On 11 January 2010, the Navy announced that the ship would have to undergo repairs for faulty engine parts after inspectors discovered the "premature failure" of bearings on the ship's main propulsion diesel engines during a week-long sea trial following the November commissioning.[20]

Service history[edit]


On 10 June 2012 the ship was deployed for the first time to the Strait of Hormuz and the Persian Gulf region.[21] She deployed with Marines from 1st Battalion, 2nd Marine Regiment, 2nd Marine Division and returned in December 2012 along with USS Iwo Jima, USS Gunston Hall and the Marines from the same unit attached to all three ships.[20]


New York docked at the North Carolina State Port in Morehead City, North Carolina, 2014

In June 2014, the ship was used to transport Ahmed Abu Khattala, suspected mastermind of the 2012 Benghazi attack on the American diplomatic mission at Benghazi, back to the United States.[22]


On 11 September 2017, New York arrived off the Florida coast for Hurricane Irma relief, 16 years to the day after the 9/11/2001 terrorist attacks.[23]


New York supported the reception night for the 23rd International Seapower Symposium at the Naval War College in Newport, RI in September 2018.[24] In November, the ship supported Exercise Trident Juncture, a large scale NATO exercise involving more than 50,000 personnel, 65 ships, and 250 aircraft, including 14,000 American troops, a Carrier Strike Group (CSG) and an Amphibious Readiness Group (ARG).[25]



  1. ^ a b c d e f "USS New York (LPD 21)". Naval Vessel Register. Retrieved 25 July 2016.
  2. ^ a b "Navy Secretary Assigns New Ship Name New York". Navy News Service (Press release). 10 September 2002. NNS020910-10. Retrieved 25 July 2016. "USS New York will play an important role in our Navy's future and will be a fitting tribute to the people of the Empire State," England said.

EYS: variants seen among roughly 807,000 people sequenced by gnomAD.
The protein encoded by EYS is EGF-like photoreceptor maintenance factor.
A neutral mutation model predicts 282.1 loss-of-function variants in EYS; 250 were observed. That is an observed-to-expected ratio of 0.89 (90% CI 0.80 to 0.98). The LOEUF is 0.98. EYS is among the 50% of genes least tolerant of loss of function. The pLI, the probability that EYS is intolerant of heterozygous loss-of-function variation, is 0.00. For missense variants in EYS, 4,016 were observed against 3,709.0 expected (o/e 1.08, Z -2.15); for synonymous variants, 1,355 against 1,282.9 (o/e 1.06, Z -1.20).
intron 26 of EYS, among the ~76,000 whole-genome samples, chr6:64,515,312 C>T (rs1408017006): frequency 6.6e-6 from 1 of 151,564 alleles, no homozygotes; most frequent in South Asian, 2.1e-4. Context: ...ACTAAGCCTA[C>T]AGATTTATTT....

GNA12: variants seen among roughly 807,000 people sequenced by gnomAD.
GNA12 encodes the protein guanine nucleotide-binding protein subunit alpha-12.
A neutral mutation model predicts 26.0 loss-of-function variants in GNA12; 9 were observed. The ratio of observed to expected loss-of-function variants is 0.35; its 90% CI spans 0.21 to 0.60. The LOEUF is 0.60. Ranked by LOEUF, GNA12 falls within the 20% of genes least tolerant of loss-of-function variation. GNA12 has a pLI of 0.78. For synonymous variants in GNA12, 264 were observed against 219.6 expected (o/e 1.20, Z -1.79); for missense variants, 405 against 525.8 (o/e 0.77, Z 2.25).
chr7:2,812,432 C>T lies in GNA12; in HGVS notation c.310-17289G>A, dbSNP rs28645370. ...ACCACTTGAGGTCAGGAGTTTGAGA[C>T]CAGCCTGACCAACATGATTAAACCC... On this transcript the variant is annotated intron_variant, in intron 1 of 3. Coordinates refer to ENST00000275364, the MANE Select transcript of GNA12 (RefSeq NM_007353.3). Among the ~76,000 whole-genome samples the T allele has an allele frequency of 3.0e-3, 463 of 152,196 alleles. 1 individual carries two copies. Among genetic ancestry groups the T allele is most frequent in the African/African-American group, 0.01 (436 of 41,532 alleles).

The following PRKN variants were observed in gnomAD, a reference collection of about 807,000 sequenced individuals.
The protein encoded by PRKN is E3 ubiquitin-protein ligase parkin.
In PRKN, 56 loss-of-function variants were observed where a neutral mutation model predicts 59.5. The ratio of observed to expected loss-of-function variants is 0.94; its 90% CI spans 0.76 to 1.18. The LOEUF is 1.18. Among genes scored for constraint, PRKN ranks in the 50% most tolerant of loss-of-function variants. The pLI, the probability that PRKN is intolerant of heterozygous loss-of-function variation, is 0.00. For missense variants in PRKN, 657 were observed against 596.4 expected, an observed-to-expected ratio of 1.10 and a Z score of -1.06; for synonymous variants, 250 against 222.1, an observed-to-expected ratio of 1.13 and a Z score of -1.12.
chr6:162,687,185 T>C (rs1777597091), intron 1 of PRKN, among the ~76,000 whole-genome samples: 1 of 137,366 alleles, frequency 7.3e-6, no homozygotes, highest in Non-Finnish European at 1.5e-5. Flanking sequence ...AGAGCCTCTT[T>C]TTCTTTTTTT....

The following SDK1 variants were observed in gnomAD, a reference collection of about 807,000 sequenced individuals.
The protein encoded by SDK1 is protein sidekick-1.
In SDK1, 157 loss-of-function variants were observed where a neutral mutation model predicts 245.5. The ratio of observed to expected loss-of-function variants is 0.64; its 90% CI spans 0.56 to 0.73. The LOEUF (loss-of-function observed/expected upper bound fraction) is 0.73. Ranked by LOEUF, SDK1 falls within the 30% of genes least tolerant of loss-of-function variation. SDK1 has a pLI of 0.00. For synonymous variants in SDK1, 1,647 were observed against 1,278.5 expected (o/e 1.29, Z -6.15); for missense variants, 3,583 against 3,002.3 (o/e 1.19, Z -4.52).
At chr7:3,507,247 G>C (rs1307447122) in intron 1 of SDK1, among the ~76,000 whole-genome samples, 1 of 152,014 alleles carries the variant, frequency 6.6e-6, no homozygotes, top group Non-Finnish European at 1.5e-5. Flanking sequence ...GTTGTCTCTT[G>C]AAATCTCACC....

3. ^ a b "USS New York (LPD 21)". USS New York Commissioning Committee. Archived from the original on 24 June 2019. Retrieved 27 July 2021.
  4. ^ "USS New York Shifts Homeport". Seapower. 23 November 2020.
  5. ^ a b "USS New York (LPD 21): History". United States Navy. Retrieved 25 July 2016. USS New York (LPD 21) is the fifth U.S. ship named for the state of New York.
  6. ^ "LPD-21 New York". GlobalSecurity.org. Retrieved 18 June 2016.
  7. ^ a b "USS New York LPD-21 - Forged from the steel of the World Trade Center". ussnewyork.com. US Navy. Archived from the original on 21 December 2007. Retrieved 18 June 2016.
  8. ^ Hajela, Deepti (2 November 2009). "Ship Built With WTC Steel Comes to Namesake City". ABCNews.go.com. ABC. Associated Press. Retrieved 2 November 2009.
  9. ^ Paisley, Pinch (1 March 2008). "USS New York Christened". Defense Tech. Military Advantage. Retrieved 4 May 2010.
  10. ^ "Navy Ship with WTC Steel Survived Katrina's Assault". St. Petersburg Times. Associated Press. 4 April 2007. Retrieved 2 November 2009.
  11. ^ "USS New York (LPD 21) | The Official Website. Commissioning Event Information". Ussny.org. Archived from the original on 7 November 2016. Retrieved 28 October 2016.
  12. ^ Baldwin, Tom (22 May 2005). "Warship Built Out of Twin Towers Wreckage". The Times. Retrieved 2 November 2009.
  13. ^ "The Christening". ussnewyork.com. Archived from the original on 29 July 2016. Retrieved 16 January 2017.
  14. ^ "USS New York to stop in Norfolk". ussnewyork.com. 20 October 2009. Archived from the original on 6 November 2009.
  15. ^ Graham, MC1 Shawn D. (14 October 2009). "USS New York Departs the Banks of the Mississippi". Headquarters Marine Corps. United States Marine Corps. Retrieved 15 October 2009.{{cite web}}: CS1 maint: numeric names: authors list (link)
  16. ^ Office of the Assistant Secretary of Defense (Public Affairs) (4 November 2009). "Navy To Commission Amphibious Transport Dock Ship 'New York'". U.S. Department of Defense.
  17. ^ "'Twin Towers' warship enters NY". BBC News. 11 February 2009. Retrieved 2 November 2009.
  18. ^ "Colt-Pielstick PC2.5 STC". Fairbanks-Morse Engines. Retrieved 18 June 2016.
  19. ^ "Power Solutions - Medium Speed, Four Stroke Diesel Engines" (PDF). Fairbanks-Morse Engines. Archived from the original (PDF) on 19 September 2015. Retrieved 18 June 2016.
  20. ^ a b "History: USS New York, LPD 21". US Carriers.net. 13 November 2015. Retrieved 25 July 2016.
  21. ^ Ecklund, Zane P. (11 June 2012). "Another First for USS 'New York' During Maiden Deployment". U.S. Naval Forces Central Command. Archived from the original on 4 March 2013. Retrieved 11 December 2012.
  22. ^ Schmidt, Michael S.; Schmitt, Eric (29 June 2014). "Libyan suspected in Benghazi mission attack arrives in Washington". The New York Times. p. A4. Retrieved 25 July 2016.
  23. ^ "Irma's trail of destruction in Florida Keys revealed". Fox News. 11 September 2017. Retrieved 11 September 2017.
  24. ^ "Global Leaders Assemble at 23rd International Seapower Symposium". usnwc.edu. Retrieved 22 August 2021.
  25. ^ "Trident Juncture Wraps Up After Successful Amphibious Landings, Training Ashore in Norway". USNI News. 7 November 2018. Retrieved 22 August 2021.